Up on the top right corner of South America (northwest for those cartographly inclined) are three sections of land: two countries and a territory that seem curiously out of place. Not geographically, as they clearly are part of the continent, but that only makes it more odd that they typically are associated with the Caribbean. These would be the Guianas, or Guyanas, depending on your spell checker.
While the rest of South America was conquered by the Iberians (Portuguese and Spanish), the Guianas weren’t part of the party, and ended up being colonized by the British, Dutch and French. When the rest of the continent gained their independence, and continued to speak Spanish and Portuguese (which are easy to understand between them), these three territories remained colonies. It wasn’t until almost 150 years that two of them, Guyana and Surinam, became independent. The third, French Guiana remains an overseas department of France, and therefore administratively part of Europe.
Since then, the Guianas have had trouble integrating with the rest of the continent. For example, the most popular sport in Latin America is soccer, but they don’t participate in the South American Football Confederation, and instead play for the Caribbean. Since they aren’t seen participating in many South American activities, its lead to the myth in the rest of the continent that they don’t even exist. Or maybe they are islands off the coast of Venezuela.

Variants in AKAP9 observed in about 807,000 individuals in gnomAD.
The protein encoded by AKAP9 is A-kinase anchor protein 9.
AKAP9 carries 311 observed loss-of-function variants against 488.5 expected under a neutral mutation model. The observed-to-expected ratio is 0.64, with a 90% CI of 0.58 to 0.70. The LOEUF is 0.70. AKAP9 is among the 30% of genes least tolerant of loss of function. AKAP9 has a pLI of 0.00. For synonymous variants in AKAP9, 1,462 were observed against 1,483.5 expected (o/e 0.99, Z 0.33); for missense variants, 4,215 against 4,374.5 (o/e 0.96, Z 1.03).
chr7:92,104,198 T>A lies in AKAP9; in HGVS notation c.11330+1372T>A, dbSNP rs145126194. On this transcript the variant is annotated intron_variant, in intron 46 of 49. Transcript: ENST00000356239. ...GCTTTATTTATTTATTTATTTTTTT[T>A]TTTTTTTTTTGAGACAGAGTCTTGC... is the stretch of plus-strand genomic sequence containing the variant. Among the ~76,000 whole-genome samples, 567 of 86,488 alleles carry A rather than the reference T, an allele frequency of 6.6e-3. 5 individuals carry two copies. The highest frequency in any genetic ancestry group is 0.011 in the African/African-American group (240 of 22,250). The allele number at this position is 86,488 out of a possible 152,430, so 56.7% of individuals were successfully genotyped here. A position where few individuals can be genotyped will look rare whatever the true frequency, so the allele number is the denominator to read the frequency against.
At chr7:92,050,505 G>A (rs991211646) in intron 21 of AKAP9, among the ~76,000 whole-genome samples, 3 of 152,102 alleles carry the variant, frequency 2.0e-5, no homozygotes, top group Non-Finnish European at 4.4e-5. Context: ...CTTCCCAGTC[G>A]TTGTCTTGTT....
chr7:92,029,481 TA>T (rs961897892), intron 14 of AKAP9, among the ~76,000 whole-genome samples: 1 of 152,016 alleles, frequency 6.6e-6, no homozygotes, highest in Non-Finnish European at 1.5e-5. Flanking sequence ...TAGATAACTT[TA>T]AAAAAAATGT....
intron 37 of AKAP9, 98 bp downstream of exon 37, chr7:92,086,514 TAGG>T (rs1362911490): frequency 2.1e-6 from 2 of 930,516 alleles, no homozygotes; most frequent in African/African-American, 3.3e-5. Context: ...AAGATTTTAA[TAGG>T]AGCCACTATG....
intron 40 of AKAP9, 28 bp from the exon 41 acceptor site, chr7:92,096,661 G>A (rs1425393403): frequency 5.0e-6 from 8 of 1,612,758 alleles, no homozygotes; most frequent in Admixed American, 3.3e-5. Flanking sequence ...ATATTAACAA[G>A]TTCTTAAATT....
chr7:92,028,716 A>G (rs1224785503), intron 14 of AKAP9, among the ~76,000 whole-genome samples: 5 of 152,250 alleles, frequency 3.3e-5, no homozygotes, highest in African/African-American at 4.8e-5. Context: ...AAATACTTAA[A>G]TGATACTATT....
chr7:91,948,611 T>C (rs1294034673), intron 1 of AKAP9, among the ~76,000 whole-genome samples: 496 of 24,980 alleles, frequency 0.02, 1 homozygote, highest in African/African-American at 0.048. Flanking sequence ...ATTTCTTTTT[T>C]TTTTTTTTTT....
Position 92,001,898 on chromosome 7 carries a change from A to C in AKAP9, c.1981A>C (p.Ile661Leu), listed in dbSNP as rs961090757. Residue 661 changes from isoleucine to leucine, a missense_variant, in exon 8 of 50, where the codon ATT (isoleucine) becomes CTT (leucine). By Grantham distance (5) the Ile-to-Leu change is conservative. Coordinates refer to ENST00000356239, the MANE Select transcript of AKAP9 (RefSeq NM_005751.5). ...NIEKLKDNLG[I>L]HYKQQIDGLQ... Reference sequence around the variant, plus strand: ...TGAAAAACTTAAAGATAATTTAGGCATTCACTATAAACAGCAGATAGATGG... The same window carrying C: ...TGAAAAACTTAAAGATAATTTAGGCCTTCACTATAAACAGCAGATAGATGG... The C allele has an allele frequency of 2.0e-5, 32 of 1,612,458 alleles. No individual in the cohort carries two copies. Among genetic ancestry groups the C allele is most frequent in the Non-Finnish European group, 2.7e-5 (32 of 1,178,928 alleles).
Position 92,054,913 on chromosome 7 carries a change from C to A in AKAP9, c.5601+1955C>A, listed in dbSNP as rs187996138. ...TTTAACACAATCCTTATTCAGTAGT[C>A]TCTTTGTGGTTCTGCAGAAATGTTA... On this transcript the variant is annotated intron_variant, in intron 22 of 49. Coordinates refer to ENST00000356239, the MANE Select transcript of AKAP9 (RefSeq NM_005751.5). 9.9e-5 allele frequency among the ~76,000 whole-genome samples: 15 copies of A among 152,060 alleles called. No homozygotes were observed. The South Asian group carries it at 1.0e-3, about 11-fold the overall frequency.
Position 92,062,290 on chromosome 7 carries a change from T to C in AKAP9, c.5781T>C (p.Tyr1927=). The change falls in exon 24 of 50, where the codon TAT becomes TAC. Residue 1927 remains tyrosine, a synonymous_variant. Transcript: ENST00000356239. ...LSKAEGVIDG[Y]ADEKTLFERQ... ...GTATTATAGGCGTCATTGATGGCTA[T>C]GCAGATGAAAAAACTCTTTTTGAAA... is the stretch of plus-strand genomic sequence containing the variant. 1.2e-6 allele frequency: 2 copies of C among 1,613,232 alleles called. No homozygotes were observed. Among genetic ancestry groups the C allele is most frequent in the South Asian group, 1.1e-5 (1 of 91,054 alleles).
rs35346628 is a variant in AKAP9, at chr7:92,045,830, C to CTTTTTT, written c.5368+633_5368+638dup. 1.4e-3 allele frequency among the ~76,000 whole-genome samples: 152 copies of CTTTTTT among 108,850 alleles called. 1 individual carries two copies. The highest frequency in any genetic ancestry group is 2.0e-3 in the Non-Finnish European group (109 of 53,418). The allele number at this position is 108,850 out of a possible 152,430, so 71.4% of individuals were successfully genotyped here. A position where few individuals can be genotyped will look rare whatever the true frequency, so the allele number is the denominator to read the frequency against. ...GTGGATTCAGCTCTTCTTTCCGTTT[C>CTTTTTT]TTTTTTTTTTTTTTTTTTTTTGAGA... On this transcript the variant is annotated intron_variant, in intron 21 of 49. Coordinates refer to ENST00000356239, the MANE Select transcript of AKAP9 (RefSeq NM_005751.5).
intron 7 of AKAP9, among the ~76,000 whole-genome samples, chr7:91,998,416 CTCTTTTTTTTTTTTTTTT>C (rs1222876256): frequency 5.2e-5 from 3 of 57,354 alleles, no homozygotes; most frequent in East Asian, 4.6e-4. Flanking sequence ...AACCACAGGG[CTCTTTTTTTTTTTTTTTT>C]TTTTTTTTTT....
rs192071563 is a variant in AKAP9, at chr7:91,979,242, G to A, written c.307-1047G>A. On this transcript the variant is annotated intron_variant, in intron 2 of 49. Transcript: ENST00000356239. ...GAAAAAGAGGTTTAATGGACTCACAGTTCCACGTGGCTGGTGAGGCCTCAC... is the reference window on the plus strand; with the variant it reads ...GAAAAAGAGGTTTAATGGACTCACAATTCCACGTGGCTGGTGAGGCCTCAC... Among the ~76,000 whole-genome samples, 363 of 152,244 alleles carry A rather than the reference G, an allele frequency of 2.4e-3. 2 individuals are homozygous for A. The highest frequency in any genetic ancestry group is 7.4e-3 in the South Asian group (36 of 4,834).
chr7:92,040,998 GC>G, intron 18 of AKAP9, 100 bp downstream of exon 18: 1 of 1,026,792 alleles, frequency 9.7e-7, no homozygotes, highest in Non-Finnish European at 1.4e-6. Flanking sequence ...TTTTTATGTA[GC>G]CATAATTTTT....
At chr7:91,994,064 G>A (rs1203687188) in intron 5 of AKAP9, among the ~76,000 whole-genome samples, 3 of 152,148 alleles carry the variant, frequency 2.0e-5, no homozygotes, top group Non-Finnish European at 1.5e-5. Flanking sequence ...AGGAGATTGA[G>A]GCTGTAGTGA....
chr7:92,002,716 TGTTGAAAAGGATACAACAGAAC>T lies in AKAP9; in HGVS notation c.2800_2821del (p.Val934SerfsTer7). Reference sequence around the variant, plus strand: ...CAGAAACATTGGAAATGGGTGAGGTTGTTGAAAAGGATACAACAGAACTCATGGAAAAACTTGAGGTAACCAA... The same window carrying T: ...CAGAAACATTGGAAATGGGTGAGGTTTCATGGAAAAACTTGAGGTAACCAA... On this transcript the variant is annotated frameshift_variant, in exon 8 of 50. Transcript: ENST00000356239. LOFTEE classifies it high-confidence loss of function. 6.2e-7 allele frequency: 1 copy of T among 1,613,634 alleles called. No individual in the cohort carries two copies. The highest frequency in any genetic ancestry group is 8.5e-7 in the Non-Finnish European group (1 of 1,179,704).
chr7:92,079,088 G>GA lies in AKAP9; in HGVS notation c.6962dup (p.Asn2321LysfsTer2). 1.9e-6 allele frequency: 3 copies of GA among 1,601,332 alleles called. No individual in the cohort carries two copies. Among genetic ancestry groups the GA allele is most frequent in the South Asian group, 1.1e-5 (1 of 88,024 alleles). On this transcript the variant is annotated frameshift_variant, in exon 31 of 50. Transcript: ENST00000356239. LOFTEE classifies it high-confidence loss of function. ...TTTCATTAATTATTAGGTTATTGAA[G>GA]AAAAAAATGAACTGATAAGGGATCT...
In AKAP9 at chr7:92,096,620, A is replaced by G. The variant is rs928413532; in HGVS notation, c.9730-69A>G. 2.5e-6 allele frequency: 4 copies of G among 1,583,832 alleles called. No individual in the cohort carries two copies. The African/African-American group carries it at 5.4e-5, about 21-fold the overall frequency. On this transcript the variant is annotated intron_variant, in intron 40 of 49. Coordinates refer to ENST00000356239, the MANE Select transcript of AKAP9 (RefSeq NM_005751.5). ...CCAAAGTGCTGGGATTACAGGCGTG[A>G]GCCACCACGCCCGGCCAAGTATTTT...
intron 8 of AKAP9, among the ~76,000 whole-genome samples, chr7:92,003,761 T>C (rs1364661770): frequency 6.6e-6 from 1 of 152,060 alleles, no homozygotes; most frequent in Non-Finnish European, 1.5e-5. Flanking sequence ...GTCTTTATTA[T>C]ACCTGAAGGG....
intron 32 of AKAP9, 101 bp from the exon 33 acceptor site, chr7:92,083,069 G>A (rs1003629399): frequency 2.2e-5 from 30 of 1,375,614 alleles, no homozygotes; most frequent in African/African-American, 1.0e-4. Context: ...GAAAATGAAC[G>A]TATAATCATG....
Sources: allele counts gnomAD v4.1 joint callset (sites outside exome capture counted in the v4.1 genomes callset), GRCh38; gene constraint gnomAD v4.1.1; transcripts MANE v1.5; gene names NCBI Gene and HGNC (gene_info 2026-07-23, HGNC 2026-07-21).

It’s not just the language barrier: the majority of the population of the Guianas come from former slaves, and laborers brought to work the cane fields from Africa and India. The culture is distinctly Afroindian, quite different from the mix of Iberian and native that makes up the rest of South America.
Be that as it may, the Guianas are part of South America, and have a wonderful set of attractions to offer visitors. To the north of the Amazon and on the edge of the Caribbean, their biggest attractions are picture-perfect beaches, wondrous waterfalls and an impressive array of wildlife.
The countries themselves are small, both in land mass and population. In fact, they are the smallest on the continent. However, this makes them exceedingly convenient to explore, with everything a short ride away from everything else. And being on the northern edge of the continent, they afford easy access to North Americans and Europeans, and could be considered a gateway to the Americas if they had more flight options.
So please visit these countries; they have a lot to offer tourists, and they have exceptionally friendly people (in a continent that already stands out for friendliness).